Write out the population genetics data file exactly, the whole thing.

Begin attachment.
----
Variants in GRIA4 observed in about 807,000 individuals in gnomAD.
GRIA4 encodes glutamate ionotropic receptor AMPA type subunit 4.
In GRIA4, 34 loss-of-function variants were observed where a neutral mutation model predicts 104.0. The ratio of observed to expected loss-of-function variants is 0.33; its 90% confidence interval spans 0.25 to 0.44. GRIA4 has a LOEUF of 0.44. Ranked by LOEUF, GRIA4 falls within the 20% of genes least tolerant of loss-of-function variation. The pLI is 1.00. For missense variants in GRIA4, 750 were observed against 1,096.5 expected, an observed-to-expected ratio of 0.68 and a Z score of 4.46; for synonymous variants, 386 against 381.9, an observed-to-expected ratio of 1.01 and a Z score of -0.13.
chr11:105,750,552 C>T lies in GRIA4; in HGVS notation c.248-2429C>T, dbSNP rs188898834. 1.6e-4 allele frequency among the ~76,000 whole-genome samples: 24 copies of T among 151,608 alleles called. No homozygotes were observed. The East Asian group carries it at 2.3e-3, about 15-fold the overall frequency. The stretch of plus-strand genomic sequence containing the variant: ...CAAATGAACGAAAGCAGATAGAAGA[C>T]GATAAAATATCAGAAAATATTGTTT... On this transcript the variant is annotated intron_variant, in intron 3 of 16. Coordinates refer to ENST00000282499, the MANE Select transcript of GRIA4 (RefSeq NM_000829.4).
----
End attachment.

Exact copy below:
Variants in GRIA4 observed in about 807,000 individuals in gnomAD.
GRIA4 encodes glutamate ionotropic receptor AMPA type subunit 4.
In GRIA4, 34 loss-of-function variants were observed where a neutral mutation model predicts 104.0. The ratio of observed to expected loss-of-function variants is 0.33; its 90% confidence interval spans 0.25 to 0.44. GRIA4 has a LOEUF of 0.44. Ranked by LOEUF, GRIA4 falls within the 20% of genes least tolerant of loss-of-function variation. The pLI is 1.00. For missense variants in GRIA4, 750 were observed against 1,096.5 expected, an observed-to-expected ratio of 0.68 and a Z score of 4.46; for synonymous variants, 386 against 381.9, an observed-to-expected ratio of 1.01 and a Z score of -0.13.
chr11:105,750,552 C>T lies in GRIA4; in HGVS notation c.248-2429C>T, dbSNP rs188898834. 1.6e-4 allele frequency among the ~76,000 whole-genome samples: 24 copies of T among 151,608 alleles called. No homozygotes were observed. The East Asian group carries it at 2.3e-3, about 15-fold the overall frequency. The stretch of plus-strand genomic sequence containing the variant: ...CAAATGAACGAAAGCAGATAGAAGA[C>T]GATAAAATATCAGAAAATATTGTTT... On this transcript the variant is annotated intron_variant, in intron 3 of 16. Coordinates refer to ENST00000282499, the MANE Select transcript of GRIA4 (RefSeq NM_000829.4).